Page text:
I want to thank all of you who have read and interacted with this site over the last year. I am grateful for every one of you. For those of you who are interested, I give you the top 10 blog posts from 2018. This blog is a combination of content creation and content curation, which means that I sometimes write original material and that at other times I pass on to you items that I find interesting from elsewhere on the interwebs (although over the last few years the curation part has moved more and more to Twitter and Facebook). A number of items on this year’s list surprised me. Posts about John Chau appear twice on this list, and I am glad for that. Without further ado, here is the list. Continue Reading →

Chaplain Bill. RIP.

I only have happy feelings when I think about my days as a student at Dallas Theological Seminary (DTS). It was such a formative time, and I remain grateful to professors who poured their lives and teaching into me during those years.

A big part of life on campus in those days was chapel. I don’t know if it’s still this way today, but we had chapel meetings four times a week (Tue-Fri). The personality who filled that space was our chaplain, Bill Bryan—known affectionately to everyone as “Chaplain Bill.” He had a big heart, a big voice, and booming trumpet, all of which he lifted up in praise to the most High God. Continue Reading →

Stan Lee wrote the stories of my youth

I just saw the news about the death of comic book mogul Stan Lee. I don’t know much about Stan Lee the man, but I do know something about the characters and worlds he created within Marvel comics. Lee’s stories and characters were a big part of my childhood. He didn’t create stereotypical superheroes. He humanized them in ways that a kid like me could relate to. The New York Times describes his work this way:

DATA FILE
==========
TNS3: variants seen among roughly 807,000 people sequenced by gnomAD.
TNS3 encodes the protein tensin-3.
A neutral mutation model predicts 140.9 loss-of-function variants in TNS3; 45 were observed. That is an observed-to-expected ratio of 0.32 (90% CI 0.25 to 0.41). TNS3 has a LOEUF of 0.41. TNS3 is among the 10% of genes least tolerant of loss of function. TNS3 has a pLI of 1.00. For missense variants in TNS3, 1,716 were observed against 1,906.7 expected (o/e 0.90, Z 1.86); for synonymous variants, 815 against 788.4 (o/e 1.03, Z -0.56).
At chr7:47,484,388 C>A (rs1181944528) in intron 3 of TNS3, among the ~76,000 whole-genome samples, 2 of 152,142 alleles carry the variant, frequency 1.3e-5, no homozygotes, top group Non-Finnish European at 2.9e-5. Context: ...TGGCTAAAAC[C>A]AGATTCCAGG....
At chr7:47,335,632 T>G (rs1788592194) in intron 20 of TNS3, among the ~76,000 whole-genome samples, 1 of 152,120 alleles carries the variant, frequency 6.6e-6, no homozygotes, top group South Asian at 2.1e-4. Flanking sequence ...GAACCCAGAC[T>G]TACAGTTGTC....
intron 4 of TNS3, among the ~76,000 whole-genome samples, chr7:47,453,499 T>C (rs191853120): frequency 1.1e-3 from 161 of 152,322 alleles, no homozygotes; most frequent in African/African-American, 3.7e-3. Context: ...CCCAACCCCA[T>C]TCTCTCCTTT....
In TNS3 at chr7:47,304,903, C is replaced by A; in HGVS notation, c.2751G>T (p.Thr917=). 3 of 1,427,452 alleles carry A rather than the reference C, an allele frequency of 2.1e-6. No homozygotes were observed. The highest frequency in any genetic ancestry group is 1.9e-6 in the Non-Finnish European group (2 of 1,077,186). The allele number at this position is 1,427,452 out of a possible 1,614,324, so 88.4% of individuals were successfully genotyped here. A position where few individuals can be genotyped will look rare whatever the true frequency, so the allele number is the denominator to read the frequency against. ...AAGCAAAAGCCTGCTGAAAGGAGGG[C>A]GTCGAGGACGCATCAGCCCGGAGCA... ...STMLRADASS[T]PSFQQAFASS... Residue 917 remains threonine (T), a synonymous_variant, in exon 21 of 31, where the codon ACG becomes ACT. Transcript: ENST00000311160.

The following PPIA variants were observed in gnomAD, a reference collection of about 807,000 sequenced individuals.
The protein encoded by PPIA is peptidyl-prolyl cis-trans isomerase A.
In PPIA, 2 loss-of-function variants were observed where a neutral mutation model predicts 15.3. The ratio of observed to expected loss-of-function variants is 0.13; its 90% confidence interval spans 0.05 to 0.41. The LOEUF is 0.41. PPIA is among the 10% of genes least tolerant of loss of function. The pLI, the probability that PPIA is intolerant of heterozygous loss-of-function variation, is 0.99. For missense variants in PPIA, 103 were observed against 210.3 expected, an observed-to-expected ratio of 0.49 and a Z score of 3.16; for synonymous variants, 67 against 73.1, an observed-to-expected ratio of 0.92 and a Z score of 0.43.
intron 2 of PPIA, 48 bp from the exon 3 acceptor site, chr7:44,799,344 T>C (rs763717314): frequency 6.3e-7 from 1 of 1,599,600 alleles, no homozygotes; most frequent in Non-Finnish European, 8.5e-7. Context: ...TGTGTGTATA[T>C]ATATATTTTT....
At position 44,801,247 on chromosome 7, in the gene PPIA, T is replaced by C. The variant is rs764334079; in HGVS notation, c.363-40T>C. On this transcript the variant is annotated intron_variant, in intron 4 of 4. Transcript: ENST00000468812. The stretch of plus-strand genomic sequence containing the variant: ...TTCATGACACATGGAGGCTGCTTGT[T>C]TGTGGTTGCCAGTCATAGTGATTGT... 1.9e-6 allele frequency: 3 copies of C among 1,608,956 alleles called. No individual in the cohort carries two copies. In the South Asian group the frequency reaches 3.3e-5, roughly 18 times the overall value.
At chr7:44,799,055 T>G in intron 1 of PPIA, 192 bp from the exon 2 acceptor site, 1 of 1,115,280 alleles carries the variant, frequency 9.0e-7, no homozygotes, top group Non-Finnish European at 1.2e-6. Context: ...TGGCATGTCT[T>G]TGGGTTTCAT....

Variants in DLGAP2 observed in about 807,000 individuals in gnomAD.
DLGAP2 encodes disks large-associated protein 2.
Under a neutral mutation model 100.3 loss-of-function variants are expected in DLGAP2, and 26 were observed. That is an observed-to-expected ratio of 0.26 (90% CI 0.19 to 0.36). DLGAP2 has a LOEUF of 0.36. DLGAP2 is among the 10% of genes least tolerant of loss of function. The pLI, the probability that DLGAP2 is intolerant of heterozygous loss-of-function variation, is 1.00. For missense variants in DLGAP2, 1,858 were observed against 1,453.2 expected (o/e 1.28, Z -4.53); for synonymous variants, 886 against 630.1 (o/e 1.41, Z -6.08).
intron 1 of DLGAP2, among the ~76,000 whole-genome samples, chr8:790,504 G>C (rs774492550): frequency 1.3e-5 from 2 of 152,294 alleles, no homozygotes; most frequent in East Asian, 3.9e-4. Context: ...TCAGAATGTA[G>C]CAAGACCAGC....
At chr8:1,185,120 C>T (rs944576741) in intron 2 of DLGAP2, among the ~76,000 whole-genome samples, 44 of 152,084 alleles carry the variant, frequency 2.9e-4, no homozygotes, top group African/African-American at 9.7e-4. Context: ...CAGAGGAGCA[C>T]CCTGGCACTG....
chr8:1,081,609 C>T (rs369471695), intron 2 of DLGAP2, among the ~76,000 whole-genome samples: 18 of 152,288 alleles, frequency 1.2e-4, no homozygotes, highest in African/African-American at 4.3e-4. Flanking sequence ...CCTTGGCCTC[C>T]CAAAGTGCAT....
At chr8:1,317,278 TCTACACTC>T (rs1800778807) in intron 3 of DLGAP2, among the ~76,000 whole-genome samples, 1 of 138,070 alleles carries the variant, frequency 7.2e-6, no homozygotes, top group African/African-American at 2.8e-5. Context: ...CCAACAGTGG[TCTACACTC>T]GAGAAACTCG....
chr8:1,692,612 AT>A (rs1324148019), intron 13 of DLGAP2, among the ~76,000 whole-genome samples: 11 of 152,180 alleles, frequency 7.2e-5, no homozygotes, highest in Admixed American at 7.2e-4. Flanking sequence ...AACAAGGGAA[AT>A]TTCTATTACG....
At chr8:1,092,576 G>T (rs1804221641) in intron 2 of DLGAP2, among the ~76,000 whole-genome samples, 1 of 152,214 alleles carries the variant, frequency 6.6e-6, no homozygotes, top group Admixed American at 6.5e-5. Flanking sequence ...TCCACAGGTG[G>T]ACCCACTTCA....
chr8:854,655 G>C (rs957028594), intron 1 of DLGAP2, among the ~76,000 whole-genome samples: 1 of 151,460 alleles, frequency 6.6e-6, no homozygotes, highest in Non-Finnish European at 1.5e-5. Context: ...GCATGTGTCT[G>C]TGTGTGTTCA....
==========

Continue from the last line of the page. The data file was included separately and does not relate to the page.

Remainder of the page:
Under Mr. Lee, Marvel revolutionized the comic book world by imbuing its characters with the self-doubts and neuroses of average people, as well an awareness of trends and social causes and, often, a sense of humor.

In humanizing his heroes, giving them character flaws and insecurities that belied their supernatural strengths, Mr. Lee tried “to make them real flesh-and-blood characters with personality,” he told The Washington Post in 1992.

“That’s what any story should have, but comics didn’t have until that point,” he said. “They were all cardboard figures.”

This is absolutely correct, and it is why Lee’s signature character Spider-Man captured my imagination when I was in the fourth grade. Continue Reading →

The Enduring Vision of Albert Mohler at Southern Seminary

This week we celebrated the 25th anniversary of Dr. R. Albert Mohler’s tenure as the President of The Southern Baptist Theological Seminary. I am so grateful for his leadership at Southern and in the Southern Baptist Convention writ large. I am more grateful than I can tell for his influence in my own life. I would not be doing what I am doing today if it weren’t for him.